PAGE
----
• Extended JSON

MongoDB Extended JSON

The Scala driver supports reading and writing BSON documents represented as
MongoDB Extended JSON. Both variants are supported:

Furthermore, the Document provides two sets of convenience methods for this purpose:

  • Document.toJson(): a set of overloaded methods that convert a Document instance to a JSON string
  • Document(json): a set of overloaded static factory methods that convert a JSON string to a Document instance

Writing JSON

Consider the task of implementing a mongoexport-like tool using the Scala driver.

val fileName =    // initialize to the path of the file to write to
val collection =  // initialize the collection from which you want to query

val writer: PrintWriter = new PrintWriter(fileName)
      (doc: Document) => output.write(s"${doc.toJson}\r\n"),
      (t: Throwable) => // handle failure,
      () => output.close())

The Document.toJson() method constructs an instance of a JsonWriter with its default settings, which will write in strict mode with no new lines or indentation.

You can override this default behavior by using one of the overloads of toJson(). As an example, consider the task of writing a JSON string that can be copied and pasted into the MongoDB shell:

import java.text.SimpleDateFormat

val fmt = new SimpleDateFormat("dd/MM/yy")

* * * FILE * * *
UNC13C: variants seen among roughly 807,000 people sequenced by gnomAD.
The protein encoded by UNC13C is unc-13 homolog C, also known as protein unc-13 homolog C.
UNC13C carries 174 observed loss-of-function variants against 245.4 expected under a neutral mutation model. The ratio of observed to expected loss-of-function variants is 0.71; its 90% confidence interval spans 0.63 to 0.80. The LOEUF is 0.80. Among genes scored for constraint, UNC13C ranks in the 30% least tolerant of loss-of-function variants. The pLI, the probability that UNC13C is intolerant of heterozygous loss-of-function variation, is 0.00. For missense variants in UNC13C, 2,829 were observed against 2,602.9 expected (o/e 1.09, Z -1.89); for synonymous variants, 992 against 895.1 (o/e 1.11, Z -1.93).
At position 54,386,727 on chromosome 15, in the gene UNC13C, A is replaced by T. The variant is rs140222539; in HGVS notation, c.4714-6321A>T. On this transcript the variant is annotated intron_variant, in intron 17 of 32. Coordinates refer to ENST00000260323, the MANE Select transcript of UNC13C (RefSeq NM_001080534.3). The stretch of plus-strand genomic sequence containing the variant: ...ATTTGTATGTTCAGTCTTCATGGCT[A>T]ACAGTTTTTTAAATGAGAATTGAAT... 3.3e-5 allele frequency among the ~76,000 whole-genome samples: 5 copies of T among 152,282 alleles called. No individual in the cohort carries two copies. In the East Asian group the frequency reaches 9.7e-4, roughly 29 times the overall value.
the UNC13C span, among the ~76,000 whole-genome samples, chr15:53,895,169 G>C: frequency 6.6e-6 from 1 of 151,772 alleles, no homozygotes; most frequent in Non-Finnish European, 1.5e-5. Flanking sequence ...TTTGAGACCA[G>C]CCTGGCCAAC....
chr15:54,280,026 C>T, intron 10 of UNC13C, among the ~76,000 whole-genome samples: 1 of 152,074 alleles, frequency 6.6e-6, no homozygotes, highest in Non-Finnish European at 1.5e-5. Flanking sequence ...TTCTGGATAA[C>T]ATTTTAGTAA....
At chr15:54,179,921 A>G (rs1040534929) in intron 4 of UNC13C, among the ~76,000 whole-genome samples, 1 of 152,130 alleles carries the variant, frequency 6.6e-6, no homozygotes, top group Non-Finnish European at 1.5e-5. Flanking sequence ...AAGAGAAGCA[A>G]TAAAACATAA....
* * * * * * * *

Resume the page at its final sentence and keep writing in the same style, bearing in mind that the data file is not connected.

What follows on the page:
val first = fmt.parse("01/01/2014")
val second = fmt.parse("01/01/2015")
val doc = Document("startDate" -> Document("$gt" -> first, "$lt" -> second))
println(doc.toJson(new JsonWriterSettings(JsonMode.SHELL)))

This code snippet will print out MongoDB shell-compatible JSON, which can then be pasted into the shell:

{ "startDate" : { "$gt" : ISODate("2014-01-01T05:00:00.000Z"), "$lt" : ISODate("2015-01-01T05:00:00.000Z") } }

Reading JSON

Consider the task of implementing a mongoimport-like tool using the Java driver.

import scala.io.Source
val fileName =    // initialize to the path of the file to read from
val collection =  // initialize the collection from which you want to import to

try {
  for (json <- Source.fromFile(fileName).getLines()) {
} catch {
  case ex: Exception => println("Bummer, an exception happened.")

The Document(json) companion helper method constructs an instance of a JsonReader with the given string and returns an instance of an equivalent Document instance. JsonReader automatically detects the JSON flavor in the string, so you do not need to specify it.


In the tools examples directory, there is sample code for mongoimport and mongoexport. These examples are more fully featured than the above code snippets. They also provide an example of asynchronous error handling, as well as chaining observables to enforce insertion order on import.